I made an off-hand remark when I saw one of those starving-child ads, that the skin-and-bones images were the true image of the American dream. But as I began to think of it, it tied to some thoughts I had recently when explaining to a coworker the concept of pro-ana.
Really, the pro-ana movement is the logical culmination of the two major strains of American cultural insight. America, following the political theology of John Locke and Jean-Jacque Rousseau, is based on the notion of liberalism, which takes the freedom of the individual (self-ownership) to be the central political fact. To the degree that an individual’s actions are not violating anyone else’s self-ownership, those actions should not be forcibly directed or denied, especially by the state.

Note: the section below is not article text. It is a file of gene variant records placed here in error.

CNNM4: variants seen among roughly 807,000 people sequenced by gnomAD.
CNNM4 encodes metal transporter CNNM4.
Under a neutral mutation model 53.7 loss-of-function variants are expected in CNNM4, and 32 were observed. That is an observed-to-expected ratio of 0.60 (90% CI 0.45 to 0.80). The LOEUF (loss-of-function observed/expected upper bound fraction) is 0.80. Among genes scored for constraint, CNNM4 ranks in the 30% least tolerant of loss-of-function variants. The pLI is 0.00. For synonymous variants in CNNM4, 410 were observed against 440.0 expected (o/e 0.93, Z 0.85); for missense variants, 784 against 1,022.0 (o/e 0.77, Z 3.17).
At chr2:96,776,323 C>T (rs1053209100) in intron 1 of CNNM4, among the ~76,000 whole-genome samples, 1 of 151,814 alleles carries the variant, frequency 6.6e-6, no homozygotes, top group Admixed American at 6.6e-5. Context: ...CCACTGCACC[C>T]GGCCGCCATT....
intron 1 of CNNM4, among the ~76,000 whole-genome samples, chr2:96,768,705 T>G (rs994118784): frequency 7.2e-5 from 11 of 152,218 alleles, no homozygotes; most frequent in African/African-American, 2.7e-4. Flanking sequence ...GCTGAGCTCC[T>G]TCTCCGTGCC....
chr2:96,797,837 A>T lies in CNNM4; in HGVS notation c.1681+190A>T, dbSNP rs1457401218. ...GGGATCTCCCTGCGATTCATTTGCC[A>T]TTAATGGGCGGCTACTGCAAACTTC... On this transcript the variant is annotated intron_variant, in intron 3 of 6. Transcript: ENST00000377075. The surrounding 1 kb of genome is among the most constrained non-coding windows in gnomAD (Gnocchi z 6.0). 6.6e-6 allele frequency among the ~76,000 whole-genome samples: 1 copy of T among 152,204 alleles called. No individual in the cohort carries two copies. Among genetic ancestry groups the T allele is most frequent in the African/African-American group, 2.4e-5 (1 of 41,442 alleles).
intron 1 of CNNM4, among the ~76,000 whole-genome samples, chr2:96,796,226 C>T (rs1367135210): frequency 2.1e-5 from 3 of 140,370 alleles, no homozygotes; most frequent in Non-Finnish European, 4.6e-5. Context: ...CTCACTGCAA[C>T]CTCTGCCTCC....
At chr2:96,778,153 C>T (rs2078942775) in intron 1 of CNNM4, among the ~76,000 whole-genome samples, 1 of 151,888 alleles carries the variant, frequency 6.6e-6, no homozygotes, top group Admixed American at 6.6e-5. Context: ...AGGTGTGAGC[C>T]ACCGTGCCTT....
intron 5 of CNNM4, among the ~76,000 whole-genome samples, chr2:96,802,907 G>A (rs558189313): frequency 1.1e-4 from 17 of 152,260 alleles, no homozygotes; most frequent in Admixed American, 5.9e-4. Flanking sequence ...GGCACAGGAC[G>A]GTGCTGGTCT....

At the same time, America is largely a consumerist culture, with luxury goods and services making up a significant percentage of our GDP. Advertisements flood our public and private spaces, directing us toward abstract and impossible ends, largely made up of fictitious body images no living person can physically attain.
Given the political and consumerist influences at the heart of American culture, why wouldn’t a movement like pro-ana come to the fore? Pro-ana is the logic of the American dream.